Advice portal for relocating to Hiroshima’s idyllic Tobishima Kaido islands.
What is Tobishima Life?
This is an advice portal for anyone thinking of moving to the Tobishima Kaido in the Seto Inland Sea. All our advisors live and work on the islands and moved here within the last six years.
Using our local knowledge and network of contacts within the community, we can provide you with valuable advice about relocating or starting new projects in this beautiful corner of Japan.
What is the Tobishima Kaido?
The Tobishima Kaido is a set of seven islands in the Seto Inland Sea connected to mainland Hiroshima by seven bridges. The final island on the Tobishima Kaido chain, Okamura, lies within Ehime Prefecture. Okamura has good ferry access to Shikoku and the Shimanami Kaido to the east.
The Tobishima Kaido's warm climate and terraced fields are perfectly suited for growing citrus. The aging farmers still cultivate the hillsides and produce some of the finest citrus in Japan.
The infrastructure and well-maintained facilities on the islands can help turn innovative ideas into reality. Residents have privileged access to certified food processing facilities, modern meeting rooms, concert halls, theaters (traditional and modern), sports grounds and gymnasiums. A host of local businesses and facilities also cater to a burgeoning tourist trade.
Shimo Kamagari is the first island you reach after crossing the Akinada Ohashi Bridge from the mainland. Historically, the island was an important port of call for Korean emissaries and their entourages during the Edo period (1603-1868).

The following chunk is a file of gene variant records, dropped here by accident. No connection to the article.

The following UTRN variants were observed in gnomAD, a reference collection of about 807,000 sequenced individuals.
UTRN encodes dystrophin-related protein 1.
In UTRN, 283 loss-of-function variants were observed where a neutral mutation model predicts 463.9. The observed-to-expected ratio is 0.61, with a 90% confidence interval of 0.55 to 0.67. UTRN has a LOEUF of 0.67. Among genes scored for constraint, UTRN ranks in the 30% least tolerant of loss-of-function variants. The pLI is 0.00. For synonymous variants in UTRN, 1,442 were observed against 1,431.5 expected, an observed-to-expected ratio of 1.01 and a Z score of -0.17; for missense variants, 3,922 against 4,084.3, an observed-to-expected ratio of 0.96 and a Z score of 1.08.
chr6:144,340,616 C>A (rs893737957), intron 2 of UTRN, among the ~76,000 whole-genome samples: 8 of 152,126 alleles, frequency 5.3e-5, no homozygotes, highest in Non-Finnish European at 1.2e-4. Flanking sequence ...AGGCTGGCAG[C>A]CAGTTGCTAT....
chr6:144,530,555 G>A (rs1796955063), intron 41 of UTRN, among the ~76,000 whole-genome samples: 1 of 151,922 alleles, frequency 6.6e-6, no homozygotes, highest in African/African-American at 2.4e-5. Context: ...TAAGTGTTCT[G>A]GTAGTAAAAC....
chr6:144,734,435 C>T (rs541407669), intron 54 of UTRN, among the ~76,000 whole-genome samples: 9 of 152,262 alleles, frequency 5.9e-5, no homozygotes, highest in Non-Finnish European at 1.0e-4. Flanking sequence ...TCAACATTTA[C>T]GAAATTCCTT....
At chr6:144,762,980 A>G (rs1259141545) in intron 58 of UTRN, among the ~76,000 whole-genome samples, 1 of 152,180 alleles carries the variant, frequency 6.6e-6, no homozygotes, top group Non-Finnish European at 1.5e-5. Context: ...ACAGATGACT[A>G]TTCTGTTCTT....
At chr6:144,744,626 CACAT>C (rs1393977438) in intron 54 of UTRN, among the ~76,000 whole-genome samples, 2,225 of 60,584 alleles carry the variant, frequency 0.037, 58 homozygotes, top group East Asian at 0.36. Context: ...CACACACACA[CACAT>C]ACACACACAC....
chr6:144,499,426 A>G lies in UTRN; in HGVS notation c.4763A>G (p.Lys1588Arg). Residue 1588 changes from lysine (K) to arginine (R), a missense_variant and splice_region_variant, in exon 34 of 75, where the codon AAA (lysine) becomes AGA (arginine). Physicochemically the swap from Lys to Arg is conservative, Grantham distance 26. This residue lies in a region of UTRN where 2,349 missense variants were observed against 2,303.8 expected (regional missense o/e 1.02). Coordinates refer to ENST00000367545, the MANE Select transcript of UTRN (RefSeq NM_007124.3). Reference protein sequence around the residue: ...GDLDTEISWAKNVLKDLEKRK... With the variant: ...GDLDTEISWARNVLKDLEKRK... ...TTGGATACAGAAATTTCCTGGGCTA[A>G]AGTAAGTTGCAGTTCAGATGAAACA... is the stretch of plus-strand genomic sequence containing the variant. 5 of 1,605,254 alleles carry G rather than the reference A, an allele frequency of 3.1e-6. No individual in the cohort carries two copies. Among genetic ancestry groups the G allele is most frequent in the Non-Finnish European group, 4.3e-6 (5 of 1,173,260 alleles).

Tourists visit Shimo Kamagari for its museums, galleries and historical buildings. In summer, people flock to the public beach and campsite at Kajigahama. The Tobishima Kaido’s main DIY and gardening store is located on Shimo Kamagari.
The largest of the five main Tobishima Kaido islands, Kami Kamagari is a paradise for beach-lovers. In the height of summer, people from far and wide head to the main stretch of golden beach at the Kenmin-no-Hama resort. Go any other time of year and chances are you will have the entire beach to yourself.
With a hot spring onsen, accommodation, restaurants, sea kayak rentals, strawberry picking, moshio-salt workshop, a space observatory, tennis courts, swimming pool and SUP rentals all within close proximity to Kenmin-no-Hama beach, there is plenty on offer for both visitors and local residents.
The main town of Toyohama on the eastern side of Toyoshima is renowned for producing some of the finest fishermen in Japan. For centuries, the fishermen lived on their boats and fished the seas around the country, teaching locals fishing techniques in return for access to their waters. Although the house fishing boats have disappeared, the island is still famous for its high-quality catches of scabbard fish. Recently, a paid apprenticeship program is encouraging younger fishermen to move to Toyoshima to learn the fishing trade.